When I went to college back in the Dim Ages (the 1970s), a mobile device was a bicycle, a text was a book you bought, blackboard was what it sounded like (not an “electronic education platform”), and students wanted an education—a good, solid partner for life. What seems wanted now, however, is edutainment—a metaphorical prostitute, a paid-for good time to be discarded as soon as the moment of pleasure is over.
When I was hired to teach at WCU, I already had 25 years experience teaching college English, so I didn’t exactly look forward to the day of orientation week devoted to improving our teaching skills. Our first session began early in the morning. A veteran history teacher and one of her students huddled at a front corner of the classroom behind the technology-intensive “teacher’s station.” After we were exhorted to take our teaching from “ordinary to extraordinary,” our mentors began blaring Edwin Starr’s song “War,” then tied men’s neckties around their heads and began head-banging their heads in rhythm to the music. As they danced around, I thought, “What is this good for? Absolutely nothing.” Our session leader asserted that this would be one way to have an exciting beginning to a class on the history of war. I did admire the performance, but at the same time, I knew I would never expend this much energy or take this big of a risk. If I were willing to make that big of a fool of myself, I would’ve stayed in university administration. Acting like that in front of a class of sharkish freshmen would be like chunking chum into the water and then jumping in myself.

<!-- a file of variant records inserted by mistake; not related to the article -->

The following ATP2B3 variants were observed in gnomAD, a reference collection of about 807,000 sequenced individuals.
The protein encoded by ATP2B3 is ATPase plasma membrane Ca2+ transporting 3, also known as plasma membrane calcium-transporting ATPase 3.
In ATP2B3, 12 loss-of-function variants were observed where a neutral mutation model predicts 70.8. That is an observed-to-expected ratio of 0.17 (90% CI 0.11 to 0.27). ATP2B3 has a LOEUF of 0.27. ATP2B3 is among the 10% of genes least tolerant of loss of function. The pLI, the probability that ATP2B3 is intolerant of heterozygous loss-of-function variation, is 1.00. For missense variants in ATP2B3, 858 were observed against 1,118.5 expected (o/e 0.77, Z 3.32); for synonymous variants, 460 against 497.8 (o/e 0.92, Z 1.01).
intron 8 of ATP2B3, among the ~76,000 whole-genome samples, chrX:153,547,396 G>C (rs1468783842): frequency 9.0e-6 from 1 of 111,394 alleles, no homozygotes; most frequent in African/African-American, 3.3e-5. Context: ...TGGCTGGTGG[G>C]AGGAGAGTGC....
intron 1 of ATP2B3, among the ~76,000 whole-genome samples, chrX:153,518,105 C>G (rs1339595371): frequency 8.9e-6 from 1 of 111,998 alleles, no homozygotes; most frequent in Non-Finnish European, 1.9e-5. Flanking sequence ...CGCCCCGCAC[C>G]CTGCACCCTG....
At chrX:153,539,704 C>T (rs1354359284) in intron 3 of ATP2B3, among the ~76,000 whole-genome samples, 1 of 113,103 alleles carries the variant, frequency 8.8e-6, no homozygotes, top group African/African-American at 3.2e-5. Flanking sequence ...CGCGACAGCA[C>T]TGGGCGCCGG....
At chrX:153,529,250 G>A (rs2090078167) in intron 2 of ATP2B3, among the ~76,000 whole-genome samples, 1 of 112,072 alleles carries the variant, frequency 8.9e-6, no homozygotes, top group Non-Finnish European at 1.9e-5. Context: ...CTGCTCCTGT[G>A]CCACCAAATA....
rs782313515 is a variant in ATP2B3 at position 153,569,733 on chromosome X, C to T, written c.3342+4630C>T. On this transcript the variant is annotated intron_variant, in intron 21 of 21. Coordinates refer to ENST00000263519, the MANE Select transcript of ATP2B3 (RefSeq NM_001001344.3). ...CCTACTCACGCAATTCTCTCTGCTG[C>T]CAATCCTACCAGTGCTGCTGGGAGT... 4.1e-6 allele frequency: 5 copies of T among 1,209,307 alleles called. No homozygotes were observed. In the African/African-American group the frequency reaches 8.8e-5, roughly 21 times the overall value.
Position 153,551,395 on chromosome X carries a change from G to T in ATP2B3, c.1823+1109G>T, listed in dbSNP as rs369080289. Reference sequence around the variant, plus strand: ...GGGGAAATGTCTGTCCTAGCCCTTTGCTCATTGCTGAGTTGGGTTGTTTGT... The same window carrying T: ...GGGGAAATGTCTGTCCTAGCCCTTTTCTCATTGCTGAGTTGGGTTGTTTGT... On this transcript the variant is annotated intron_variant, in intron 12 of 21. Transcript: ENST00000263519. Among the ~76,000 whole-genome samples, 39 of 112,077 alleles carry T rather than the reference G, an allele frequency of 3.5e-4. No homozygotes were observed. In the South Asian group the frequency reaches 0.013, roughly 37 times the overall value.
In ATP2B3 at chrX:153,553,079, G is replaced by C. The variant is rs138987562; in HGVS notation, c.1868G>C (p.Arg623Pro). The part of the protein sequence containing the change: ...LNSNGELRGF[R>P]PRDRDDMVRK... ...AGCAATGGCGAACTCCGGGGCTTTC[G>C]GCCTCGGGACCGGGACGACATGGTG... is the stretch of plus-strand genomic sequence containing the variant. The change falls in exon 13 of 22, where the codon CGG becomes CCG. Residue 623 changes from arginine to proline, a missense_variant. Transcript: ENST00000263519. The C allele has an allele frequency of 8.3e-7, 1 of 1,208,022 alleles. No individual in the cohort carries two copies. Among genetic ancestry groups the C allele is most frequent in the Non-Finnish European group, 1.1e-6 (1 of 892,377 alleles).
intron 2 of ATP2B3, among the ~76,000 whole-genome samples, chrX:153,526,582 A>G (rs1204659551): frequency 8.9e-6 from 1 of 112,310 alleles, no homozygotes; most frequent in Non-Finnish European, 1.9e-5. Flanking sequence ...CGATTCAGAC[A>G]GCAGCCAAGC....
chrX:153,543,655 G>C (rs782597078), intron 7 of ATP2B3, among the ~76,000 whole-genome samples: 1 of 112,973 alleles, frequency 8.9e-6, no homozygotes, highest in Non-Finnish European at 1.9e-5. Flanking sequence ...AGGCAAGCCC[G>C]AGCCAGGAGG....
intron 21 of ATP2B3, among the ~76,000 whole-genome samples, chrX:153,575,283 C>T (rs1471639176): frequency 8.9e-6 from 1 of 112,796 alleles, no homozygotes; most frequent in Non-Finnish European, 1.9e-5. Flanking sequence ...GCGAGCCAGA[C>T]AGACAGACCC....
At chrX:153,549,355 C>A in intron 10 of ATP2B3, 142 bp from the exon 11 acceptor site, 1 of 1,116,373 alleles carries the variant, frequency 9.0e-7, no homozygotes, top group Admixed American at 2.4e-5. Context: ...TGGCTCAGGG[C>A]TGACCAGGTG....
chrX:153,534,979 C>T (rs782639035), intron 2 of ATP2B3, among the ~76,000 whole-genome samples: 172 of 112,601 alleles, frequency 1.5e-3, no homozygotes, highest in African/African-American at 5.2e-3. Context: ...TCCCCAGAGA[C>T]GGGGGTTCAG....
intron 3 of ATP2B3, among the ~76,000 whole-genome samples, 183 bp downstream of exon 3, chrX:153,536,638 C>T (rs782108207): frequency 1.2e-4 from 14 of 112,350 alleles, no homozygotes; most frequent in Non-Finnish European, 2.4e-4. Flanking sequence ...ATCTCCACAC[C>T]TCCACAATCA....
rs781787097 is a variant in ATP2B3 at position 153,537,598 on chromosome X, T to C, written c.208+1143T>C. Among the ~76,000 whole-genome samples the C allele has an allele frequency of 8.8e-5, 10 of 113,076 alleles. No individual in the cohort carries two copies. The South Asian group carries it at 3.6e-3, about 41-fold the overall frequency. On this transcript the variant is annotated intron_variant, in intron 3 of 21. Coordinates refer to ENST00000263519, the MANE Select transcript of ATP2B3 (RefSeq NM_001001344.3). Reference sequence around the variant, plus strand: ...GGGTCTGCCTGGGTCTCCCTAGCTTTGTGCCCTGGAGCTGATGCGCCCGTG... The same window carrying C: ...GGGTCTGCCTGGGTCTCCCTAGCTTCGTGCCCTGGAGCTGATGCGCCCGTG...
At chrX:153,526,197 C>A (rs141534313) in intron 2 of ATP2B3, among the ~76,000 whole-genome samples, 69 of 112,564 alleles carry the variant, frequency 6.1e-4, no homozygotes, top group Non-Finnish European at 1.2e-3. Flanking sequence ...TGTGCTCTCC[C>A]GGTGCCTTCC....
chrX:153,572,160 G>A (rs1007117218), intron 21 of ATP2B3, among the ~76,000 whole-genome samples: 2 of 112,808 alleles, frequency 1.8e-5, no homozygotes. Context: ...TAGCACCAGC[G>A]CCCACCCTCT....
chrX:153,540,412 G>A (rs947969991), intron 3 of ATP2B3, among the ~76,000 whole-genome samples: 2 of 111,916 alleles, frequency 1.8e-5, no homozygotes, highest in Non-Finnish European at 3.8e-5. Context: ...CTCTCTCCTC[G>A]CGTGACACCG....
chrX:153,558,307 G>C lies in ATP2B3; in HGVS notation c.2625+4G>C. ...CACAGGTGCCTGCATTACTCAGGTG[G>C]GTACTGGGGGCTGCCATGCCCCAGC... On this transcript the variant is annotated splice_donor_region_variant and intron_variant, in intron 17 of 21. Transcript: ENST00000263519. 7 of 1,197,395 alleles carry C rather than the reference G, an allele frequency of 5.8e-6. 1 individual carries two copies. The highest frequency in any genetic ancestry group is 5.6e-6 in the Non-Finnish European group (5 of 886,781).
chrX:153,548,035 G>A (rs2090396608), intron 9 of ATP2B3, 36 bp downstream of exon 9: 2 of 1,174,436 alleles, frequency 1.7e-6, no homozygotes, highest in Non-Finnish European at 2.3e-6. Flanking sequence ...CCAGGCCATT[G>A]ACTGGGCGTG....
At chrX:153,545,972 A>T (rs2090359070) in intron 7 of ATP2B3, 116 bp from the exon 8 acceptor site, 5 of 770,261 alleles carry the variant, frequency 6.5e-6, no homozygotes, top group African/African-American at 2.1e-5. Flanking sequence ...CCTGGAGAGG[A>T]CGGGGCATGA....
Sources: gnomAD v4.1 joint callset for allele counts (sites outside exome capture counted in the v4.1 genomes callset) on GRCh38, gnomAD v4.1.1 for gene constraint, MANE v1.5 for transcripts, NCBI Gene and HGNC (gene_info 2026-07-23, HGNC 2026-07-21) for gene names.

I’m proud to say that in my thirty-year career I never caved in to students with deficient motivation nor to administrators who constantly pressured me to make learning “fun.” My professors had never sung, danced, or otherwise performed for me, and by golly I turned out all right.
Now, I suppose I should confess that in a moment of weakness, for a class on Walt Whitman’s poetry, I did once (OK, twenty times) prepare an empty Whitman’s Sampler candy box with quotations from Whitman, called these quotations “Whitman samples,” and invited each student to pick one and to read it out to the class as a fortune-cookie-like insight into that particular student’s nature. Some samples of what they read out to their peers:
—What is commonest, cheapest, nearest, easiest is Me.
—The scent of these armpits aroma finer than prayer.
—Welcome is every organ and attribute of me.
—I am silent, and go bathe and admire myself.
—Do I contradict myself? / Very well then I contradict myself, / (I am large, I contain multitudes.)
It is with shame that I tell you some students laughed and most seemed to enjoy this wicked stunt, this blatant pandering, this regrettable grandstanding.
At least I never stooped to putting on a theatrical performance for my class. Now, I did several times bring a 5-gallon jug into class and act tipsy while a student read the poem “Mr. Flood’s Party.” Sure I took a few swigs of whiskey-colored apple juice, and then put the jug down as tenderly as a baby, and croaked out the last words of “Auld Lang Syne,” but only when no student would volunteer to take the role. I had to do it then—against my will, you see.